Posted by:

04 Sep 2015

Interesting! Just visited the linked page and by the time I got to the "Choose your device" page, the $39.99 one was not shown. Only the $69.99 and the $100-and-something devices were available! I'm still tempted though!

Posted by:

Jay R
05 Sep 2015

I attempted to look at the map and see if I might be covered. Freedompoop would not show me a map without my email address. If the service is not here, then what ever could be the reason that they would want my email address? Hmmmmmmmmmmm?????????

Posted by:

05 Sep 2015

That was truly great information. I will certainly keep that in mind. In other words I'm pondering If I really can benefit from it as a backup system.

Posted by:

05 Sep 2015

Good article, Bob, but nothing is "free" - somebody else is paying for it - I would guess in hopes of providing a service that might enhance their business, or in the case of the library, taxpayer provided. So if you're stopping in at the local coffee house to check your email, why not buy a cup of coffee to say thanks!

Posted by:

T. Tompkins
07 Sep 2015

I am another user who lives among the cows and cornfields, and internet connectivity is limited to dial up, Verizon or the US Cellular broadband network, and satellite (Wild Blue, Hughes Net).

As a matter of desperation, I ordered a Freedom Pop device, with the small amount of "free" access - only to discover that contrary to the coverage their map showed, I was NOT in the range for free coverage, since it had to be at least 3G.

I had ordered the device through a 'daily deals' kind of site, and lo and behold, found a charge on my credit card from Freedom Pop for a subscription I had not even ordered. The only way that FP could have gotten my info was via the site that sold the device.

It took several emails and perseverance to get the charge reversed, the "charm" being when I told them I would simply have the credit card reverse the charge, and then would report them to the BBB.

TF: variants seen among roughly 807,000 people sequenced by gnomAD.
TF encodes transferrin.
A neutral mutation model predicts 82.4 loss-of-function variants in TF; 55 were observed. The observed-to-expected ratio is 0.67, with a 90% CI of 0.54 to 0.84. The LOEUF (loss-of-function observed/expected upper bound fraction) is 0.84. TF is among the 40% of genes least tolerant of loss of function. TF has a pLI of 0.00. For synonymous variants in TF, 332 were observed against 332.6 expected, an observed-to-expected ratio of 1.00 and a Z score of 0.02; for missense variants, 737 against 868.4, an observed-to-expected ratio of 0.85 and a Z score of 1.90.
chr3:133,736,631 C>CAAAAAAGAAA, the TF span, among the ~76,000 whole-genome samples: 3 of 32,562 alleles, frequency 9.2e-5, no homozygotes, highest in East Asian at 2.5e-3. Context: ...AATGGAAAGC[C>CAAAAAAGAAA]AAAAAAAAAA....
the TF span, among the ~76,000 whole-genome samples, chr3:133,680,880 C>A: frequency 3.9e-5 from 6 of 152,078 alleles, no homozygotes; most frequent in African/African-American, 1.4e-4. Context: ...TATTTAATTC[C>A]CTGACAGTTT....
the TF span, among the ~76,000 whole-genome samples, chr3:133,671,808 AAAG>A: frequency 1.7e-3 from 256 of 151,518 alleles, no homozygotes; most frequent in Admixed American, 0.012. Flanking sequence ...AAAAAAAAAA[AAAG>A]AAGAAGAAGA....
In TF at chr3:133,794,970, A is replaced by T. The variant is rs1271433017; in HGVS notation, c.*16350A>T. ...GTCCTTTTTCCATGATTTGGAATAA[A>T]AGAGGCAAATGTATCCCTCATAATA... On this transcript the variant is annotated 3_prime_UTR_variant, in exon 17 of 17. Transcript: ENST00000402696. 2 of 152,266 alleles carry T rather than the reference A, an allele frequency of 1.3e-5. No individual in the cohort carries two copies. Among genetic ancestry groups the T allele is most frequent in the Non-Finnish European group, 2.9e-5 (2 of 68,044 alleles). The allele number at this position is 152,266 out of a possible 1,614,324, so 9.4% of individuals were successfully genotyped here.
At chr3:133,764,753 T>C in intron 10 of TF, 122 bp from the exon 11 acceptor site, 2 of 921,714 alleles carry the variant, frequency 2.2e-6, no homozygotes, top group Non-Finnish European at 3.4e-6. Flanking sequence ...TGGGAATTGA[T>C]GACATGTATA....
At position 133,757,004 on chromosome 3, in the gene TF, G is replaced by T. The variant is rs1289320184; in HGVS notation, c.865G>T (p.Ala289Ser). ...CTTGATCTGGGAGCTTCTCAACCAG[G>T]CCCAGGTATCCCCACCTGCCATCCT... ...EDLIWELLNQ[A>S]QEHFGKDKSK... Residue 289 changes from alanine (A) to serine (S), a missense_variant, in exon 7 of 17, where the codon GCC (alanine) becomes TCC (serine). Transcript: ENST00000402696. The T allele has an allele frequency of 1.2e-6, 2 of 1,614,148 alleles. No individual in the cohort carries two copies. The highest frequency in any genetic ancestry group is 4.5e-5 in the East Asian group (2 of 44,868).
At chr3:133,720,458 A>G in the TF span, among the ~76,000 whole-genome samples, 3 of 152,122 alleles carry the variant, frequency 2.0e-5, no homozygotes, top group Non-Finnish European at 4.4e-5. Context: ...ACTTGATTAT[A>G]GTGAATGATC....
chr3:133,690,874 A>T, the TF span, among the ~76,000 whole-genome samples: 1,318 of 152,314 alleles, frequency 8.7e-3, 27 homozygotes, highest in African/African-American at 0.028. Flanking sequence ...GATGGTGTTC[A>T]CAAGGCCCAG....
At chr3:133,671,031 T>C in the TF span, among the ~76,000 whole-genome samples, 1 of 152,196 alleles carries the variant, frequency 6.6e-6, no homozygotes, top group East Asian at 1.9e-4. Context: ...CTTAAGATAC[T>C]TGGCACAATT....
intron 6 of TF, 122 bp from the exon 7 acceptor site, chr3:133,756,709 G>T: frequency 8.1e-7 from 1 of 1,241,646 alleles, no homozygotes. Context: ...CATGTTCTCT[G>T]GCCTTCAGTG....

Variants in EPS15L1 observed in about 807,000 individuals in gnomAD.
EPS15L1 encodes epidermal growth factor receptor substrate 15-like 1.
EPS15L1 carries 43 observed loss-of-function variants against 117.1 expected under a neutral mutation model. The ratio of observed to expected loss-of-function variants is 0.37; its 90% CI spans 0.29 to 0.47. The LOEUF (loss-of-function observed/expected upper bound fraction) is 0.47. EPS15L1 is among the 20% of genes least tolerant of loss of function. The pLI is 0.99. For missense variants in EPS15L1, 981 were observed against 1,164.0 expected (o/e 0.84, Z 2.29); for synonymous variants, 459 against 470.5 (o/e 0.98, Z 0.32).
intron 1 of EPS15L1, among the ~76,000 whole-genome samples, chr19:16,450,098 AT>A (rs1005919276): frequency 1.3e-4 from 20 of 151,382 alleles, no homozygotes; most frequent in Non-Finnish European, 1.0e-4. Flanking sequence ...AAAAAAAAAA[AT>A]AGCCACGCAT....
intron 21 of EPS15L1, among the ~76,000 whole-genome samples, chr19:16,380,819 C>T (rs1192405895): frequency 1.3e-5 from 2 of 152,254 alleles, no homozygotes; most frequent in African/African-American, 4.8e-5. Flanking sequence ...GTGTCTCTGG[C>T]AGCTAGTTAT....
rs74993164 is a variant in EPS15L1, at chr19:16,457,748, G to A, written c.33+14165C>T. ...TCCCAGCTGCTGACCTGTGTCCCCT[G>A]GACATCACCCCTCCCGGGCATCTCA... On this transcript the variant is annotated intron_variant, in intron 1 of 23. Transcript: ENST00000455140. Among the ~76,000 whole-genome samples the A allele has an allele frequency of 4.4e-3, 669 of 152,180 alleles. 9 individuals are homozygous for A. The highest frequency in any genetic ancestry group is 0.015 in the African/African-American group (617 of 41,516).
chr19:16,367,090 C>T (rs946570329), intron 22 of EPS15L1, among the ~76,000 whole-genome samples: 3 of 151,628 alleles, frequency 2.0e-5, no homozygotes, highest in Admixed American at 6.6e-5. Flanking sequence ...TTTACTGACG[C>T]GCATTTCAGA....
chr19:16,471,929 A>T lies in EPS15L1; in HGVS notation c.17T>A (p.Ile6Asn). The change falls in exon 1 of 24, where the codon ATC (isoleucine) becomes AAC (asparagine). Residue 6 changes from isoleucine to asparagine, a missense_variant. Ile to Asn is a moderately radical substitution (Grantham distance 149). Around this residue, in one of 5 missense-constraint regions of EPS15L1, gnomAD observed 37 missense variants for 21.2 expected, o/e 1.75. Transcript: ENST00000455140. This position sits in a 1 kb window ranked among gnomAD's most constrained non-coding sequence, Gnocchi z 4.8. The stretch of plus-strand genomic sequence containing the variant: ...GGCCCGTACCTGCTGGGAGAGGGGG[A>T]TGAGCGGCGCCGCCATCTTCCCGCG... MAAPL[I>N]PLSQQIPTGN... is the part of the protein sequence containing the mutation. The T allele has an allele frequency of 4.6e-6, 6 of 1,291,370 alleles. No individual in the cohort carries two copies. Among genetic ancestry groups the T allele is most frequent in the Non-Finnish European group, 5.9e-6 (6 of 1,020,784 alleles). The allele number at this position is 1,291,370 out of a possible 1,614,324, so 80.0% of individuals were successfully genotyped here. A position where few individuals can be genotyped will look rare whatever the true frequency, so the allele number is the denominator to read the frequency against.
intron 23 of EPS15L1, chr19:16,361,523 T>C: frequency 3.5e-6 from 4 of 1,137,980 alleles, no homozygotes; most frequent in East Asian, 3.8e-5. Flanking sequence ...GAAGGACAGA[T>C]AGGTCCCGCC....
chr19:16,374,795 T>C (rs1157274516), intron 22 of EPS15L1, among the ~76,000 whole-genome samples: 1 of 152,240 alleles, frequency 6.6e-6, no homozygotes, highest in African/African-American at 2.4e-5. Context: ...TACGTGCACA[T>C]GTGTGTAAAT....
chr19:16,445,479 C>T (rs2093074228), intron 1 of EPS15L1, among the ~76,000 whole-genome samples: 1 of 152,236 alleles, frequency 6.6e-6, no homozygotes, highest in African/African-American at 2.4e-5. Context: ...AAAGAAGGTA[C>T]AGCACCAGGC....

Lesson here: be very, very careful what you sign up for, as usual... free is rarely free.

Posted by:

07 Sep 2015

I subscribed to Freedom Pop about a year and a half ago. The payments were fine, about 10.00 a month for high speed internet. Then I started getting billed for using 400MB every 15 minutes. I don't know where this figure was coming from but it came to 1600MB an hour. I started getting billed 10.00 a day. I guess there was a password that I was supposed to configure in the original setup which I didn't do and somehow someone hacked into my computer. I canceled the service because I couldn't get through to the company to find out what I did wrong.

Posted by:

07 Sep 2015

Hey Bob great info :-)
can anyone tell me: if i buy a Freedom Spot 803s hotspot, will i be able to use the hotspot to access other 3g/4g providers?
thanx, Louie

Posted by:

Monte Crooks
24 Sep 2015

Is it just because we're so rural, or does it just take so much bandwidth anywhere? We do well to keep our monthly Verizon MiFi to JUST 12 GB! How in the world could we ever get by with 500 MB? Do people really use so little, could I be doing something wrong?

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Article information: AskBobRankin -- Free Wireless Internet? Yes! (Posted: 4 Sep 2015)